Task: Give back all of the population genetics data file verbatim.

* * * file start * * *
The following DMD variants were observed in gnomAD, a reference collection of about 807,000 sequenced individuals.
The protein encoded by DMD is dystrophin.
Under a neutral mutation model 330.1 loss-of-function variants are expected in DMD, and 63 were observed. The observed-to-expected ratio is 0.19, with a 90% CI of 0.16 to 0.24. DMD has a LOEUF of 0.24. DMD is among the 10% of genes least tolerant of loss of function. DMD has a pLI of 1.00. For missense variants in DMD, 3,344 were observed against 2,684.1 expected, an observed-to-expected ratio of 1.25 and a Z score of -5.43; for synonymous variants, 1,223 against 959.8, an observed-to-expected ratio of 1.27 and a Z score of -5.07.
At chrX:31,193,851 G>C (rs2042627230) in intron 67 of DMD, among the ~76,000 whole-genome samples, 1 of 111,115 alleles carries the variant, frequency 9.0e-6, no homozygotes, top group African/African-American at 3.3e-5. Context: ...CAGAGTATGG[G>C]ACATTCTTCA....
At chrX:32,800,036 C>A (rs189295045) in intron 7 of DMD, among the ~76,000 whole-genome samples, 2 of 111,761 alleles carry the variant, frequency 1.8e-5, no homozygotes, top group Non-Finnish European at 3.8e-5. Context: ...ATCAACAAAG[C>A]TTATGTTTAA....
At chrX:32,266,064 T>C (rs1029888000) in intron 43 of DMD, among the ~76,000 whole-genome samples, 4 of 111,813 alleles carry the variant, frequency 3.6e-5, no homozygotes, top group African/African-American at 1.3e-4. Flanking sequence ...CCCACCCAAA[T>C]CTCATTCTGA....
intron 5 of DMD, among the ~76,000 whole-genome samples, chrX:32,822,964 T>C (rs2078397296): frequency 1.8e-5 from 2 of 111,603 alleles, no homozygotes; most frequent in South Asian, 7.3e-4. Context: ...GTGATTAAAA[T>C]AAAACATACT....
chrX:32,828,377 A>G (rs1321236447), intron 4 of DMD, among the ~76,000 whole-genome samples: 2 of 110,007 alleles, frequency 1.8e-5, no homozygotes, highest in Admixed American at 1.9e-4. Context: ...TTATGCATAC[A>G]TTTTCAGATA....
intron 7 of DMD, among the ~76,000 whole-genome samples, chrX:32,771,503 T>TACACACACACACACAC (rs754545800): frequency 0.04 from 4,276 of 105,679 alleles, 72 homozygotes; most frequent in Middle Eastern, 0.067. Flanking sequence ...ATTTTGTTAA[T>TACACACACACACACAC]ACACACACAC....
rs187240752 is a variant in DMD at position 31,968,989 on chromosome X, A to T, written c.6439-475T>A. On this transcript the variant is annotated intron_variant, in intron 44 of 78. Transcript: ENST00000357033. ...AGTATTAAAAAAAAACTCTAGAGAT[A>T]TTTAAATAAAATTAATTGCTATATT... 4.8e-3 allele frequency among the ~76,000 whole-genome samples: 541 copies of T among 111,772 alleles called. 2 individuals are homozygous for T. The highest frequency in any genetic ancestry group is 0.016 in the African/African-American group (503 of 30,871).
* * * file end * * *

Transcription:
The following DMD variants were observed in gnomAD, a reference collection of about 807,000 sequenced individuals.
The protein encoded by DMD is dystrophin.
Under a neutral mutation model 330.1 loss-of-function variants are expected in DMD, and 63 were observed. The observed-to-expected ratio is 0.19, with a 90% CI of 0.16 to 0.24. DMD has a LOEUF of 0.24. DMD is among the 10% of genes least tolerant of loss of function. DMD has a pLI of 1.00. For missense variants in DMD, 3,344 were observed against 2,684.1 expected, an observed-to-expected ratio of 1.25 and a Z score of -5.43; for synonymous variants, 1,223 against 959.8, an observed-to-expected ratio of 1.27 and a Z score of -5.07.
At chrX:31,193,851 G>C (rs2042627230) in intron 67 of DMD, among the ~76,000 whole-genome samples, 1 of 111,115 alleles carries the variant, frequency 9.0e-6, no homozygotes, top group African/African-American at 3.3e-5. Context: ...CAGAGTATGG[G>C]ACATTCTTCA....
At chrX:32,800,036 C>A (rs189295045) in intron 7 of DMD, among the ~76,000 whole-genome samples, 2 of 111,761 alleles carry the variant, frequency 1.8e-5, no homozygotes, top group Non-Finnish European at 3.8e-5. Context: ...ATCAACAAAG[C>A]TTATGTTTAA....
At chrX:32,266,064 T>C (rs1029888000) in intron 43 of DMD, among the ~76,000 whole-genome samples, 4 of 111,813 alleles carry the variant, frequency 3.6e-5, no homozygotes, top group African/African-American at 1.3e-4. Flanking sequence ...CCCACCCAAA[T>C]CTCATTCTGA....
intron 5 of DMD, among the ~76,000 whole-genome samples, chrX:32,822,964 T>C (rs2078397296): frequency 1.8e-5 from 2 of 111,603 alleles, no homozygotes; most frequent in South Asian, 7.3e-4. Context: ...GTGATTAAAA[T>C]AAAACATACT....
chrX:32,828,377 A>G (rs1321236447), intron 4 of DMD, among the ~76,000 whole-genome samples: 2 of 110,007 alleles, frequency 1.8e-5, no homozygotes, highest in Admixed American at 1.9e-4. Context: ...TTATGCATAC[A>G]TTTTCAGATA....
intron 7 of DMD, among the ~76,000 whole-genome samples, chrX:32,771,503 T>TACACACACACACACAC (rs754545800): frequency 0.04 from 4,276 of 105,679 alleles, 72 homozygotes; most frequent in Middle Eastern, 0.067. Flanking sequence ...ATTTTGTTAA[T>TACACACACACACACAC]ACACACACAC....
rs187240752 is a variant in DMD at position 31,968,989 on chromosome X, A to T, written c.6439-475T>A. On this transcript the variant is annotated intron_variant, in intron 44 of 78. Transcript: ENST00000357033. ...AGTATTAAAAAAAAACTCTAGAGAT[A>T]TTTAAATAAAATTAATTGCTATATT... 4.8e-3 allele frequency among the ~76,000 whole-genome samples: 541 copies of T among 111,772 alleles called. 2 individuals are homozygous for T. The highest frequency in any genetic ancestry group is 0.016 in the African/African-American group (503 of 30,871).